Although personally for me, for a pattern to be considered no sew, I don’t have to sew anything extra onto the body or onto the main piece. This excludes tucking in ends or sewing the end hole closed because no matter which way you go about it, you almost always have to sew the hole closed and tuck in the yarn ends anyways for amigurumi.

Now in your case, where you have to sew around the piece after you have crocheted the pieces together, I wouldn’t necissarily disqualify that from being a no sew pattern because the overall piece is crocheted together and for extra durability it is on you on whether or not you want to sew that piece on for further durability.

A question of my own to ask upon this topic: If you are doing a pattern (I have never come across a pattern like this yet, but it was just a question that popped into my head and that I was curious about) that is considered no sew but you have to make something for the pattern and sew 2 pieces together, then end up sc them to the main body, would that disqualify it from being no sew? Let me know what you all think!

Personally I would say that I would consider it to be a “low sew” pattern rather than a “No sew” pattern if you have to sew pieces together in any way before crocheting them on. Let me know your opinions!

5 Likes

Lol how long it take you type that?

5 Likes

Like…2 mins? xD I’m a very fast typer lol

5 Likes

Wow… i feel it would’ve taken me longer :joy:

6 Likes

Thanks for everyone’s comments! I’m actually a little surprised that we all seem to be on the same page!
@ArtsAndNaps Yes, now that you say it I think that’s exactly how I view it too :sweat_smile: I’ve never really thought of those in connection to each other, even though all three are technically sewing, in one way or another!
@starlitxstitches Haha, it might be true that we who think too much are keen on/about details, but it can also be a bit of a curse :joy:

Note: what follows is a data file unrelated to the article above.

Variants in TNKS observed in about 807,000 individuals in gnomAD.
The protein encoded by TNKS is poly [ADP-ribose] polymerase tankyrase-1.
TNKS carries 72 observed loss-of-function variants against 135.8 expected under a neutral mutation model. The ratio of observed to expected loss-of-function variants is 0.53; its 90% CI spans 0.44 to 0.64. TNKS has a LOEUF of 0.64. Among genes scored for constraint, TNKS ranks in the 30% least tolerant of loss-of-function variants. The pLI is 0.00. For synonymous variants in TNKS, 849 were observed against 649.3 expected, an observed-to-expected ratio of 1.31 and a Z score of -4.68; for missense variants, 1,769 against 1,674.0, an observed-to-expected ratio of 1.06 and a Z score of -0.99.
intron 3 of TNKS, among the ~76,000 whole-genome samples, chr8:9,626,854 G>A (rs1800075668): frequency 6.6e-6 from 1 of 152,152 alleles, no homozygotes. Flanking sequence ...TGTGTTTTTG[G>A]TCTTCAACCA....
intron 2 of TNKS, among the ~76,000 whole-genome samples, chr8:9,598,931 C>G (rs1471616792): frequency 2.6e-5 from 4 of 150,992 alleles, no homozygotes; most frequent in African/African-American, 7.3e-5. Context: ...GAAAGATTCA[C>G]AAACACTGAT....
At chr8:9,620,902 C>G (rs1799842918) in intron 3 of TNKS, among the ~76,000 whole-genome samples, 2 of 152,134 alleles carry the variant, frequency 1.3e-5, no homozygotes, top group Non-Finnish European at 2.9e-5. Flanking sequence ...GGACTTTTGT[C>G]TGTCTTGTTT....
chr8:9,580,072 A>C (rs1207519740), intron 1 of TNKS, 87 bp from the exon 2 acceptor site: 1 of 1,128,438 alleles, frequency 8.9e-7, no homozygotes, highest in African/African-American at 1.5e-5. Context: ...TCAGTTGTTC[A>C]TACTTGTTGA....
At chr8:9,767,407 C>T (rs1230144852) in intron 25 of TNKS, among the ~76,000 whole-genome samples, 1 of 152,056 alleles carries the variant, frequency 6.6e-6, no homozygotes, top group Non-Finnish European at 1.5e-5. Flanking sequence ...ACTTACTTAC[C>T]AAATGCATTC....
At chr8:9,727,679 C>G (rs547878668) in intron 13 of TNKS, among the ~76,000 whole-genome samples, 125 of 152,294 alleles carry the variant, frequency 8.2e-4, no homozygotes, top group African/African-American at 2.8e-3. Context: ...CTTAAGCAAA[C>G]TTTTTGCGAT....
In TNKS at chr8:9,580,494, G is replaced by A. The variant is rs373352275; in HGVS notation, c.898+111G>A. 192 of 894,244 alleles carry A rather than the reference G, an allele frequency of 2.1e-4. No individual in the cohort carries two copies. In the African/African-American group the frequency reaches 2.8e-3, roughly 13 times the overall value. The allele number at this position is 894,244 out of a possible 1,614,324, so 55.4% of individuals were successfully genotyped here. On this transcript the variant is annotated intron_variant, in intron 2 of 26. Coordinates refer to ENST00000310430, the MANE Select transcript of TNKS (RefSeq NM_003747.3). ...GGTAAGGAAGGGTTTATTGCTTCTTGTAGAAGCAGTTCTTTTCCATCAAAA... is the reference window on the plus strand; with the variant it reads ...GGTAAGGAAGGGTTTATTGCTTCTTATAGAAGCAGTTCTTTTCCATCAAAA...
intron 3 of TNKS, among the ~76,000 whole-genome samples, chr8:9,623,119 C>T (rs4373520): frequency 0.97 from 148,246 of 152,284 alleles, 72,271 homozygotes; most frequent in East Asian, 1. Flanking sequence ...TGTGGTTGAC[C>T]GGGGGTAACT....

@RingoSilly Thanks for your explanation! And yes, that’s a very interesting question that might be a little more divided opinion-wise. If you see it black and white, I’d say it’s low-sew–but some people might disagree if the sewing required takes like 2-3 back-and-forth with a needle.
This is just an assumption, but I think this is where designers more than crocheters will disagree, because I think most people think no-sew sells better than low-sew or a pattern with a lot of sewing, and it’s a gray area what it belongs to sometimes. That also depends on the look of the finished piece and if you can see directly that it’s a pattern that would require sewing or not I suppose :thinking:
Sorry for rambling, haha. I tend to try making my patterns no-sew or as low-sew as possible because no matter how I sew things personally something gets slightly off :joy: I hate math in everything but crochet, because there it helps a lot :joy: Math>Sewing

8 Likes

You can type in low sew if you like.

4 Likes

for me only if you have to sew like parts/limbs and stuff. weaving in doesn’t count for me

3 Likes

Sorry, but I’m not quite sure what you mean :sweat_smile:

1 Like

i think i’m gonna have to agree with what everyone has said. weaving in ends doesn’t count as ‘sewing’ for me. if you’re able to crochet the limbs in as you do the round, that’s a great pattern imo :smiley: i’m not a beginner but even i struggle with sewing on sometimes :sob:

2 Likes

Yes, it’s a struggle :face_exhaling: One would hope it passes one day! But then again, if we avoid it we won’t get the experience :sweat_smile: (and might come up with more creative ideas to make it no-sew? :joy:)

2 Likes